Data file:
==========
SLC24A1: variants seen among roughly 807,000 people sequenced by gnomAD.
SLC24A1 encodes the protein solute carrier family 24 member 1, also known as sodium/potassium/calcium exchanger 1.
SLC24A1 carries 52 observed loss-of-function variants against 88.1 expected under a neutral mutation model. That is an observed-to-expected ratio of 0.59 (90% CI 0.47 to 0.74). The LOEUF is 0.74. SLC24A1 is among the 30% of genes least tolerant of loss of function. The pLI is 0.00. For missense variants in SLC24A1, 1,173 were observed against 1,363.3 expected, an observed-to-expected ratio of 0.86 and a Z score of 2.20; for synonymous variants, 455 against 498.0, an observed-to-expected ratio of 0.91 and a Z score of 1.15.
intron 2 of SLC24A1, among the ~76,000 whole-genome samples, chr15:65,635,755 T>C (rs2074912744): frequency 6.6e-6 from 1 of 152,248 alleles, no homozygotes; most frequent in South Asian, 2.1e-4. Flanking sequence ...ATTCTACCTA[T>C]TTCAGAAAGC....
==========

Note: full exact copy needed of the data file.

SLC24A1: variants seen among roughly 807,000 people sequenced by gnomAD.
SLC24A1 encodes the protein solute carrier family 24 member 1, also known as sodium/potassium/calcium exchanger 1.
SLC24A1 carries 52 observed loss-of-function variants against 88.1 expected under a neutral mutation model. That is an observed-to-expected ratio of 0.59 (90% CI 0.47 to 0.74). The LOEUF is 0.74. SLC24A1 is among the 30% of genes least tolerant of loss of function. The pLI is 0.00. For missense variants in SLC24A1, 1,173 were observed against 1,363.3 expected, an observed-to-expected ratio of 0.86 and a Z score of 2.20; for synonymous variants, 455 against 498.0, an observed-to-expected ratio of 0.91 and a Z score of 1.15.
intron 2 of SLC24A1, among the ~76,000 whole-genome samples, chr15:65,635,755 T>C (rs2074912744): frequency 6.6e-6 from 1 of 152,248 alleles, no homozygotes; most frequent in South Asian, 2.1e-4. Flanking sequence ...ATTCTACCTA[T>C]TTCAGAAAGC....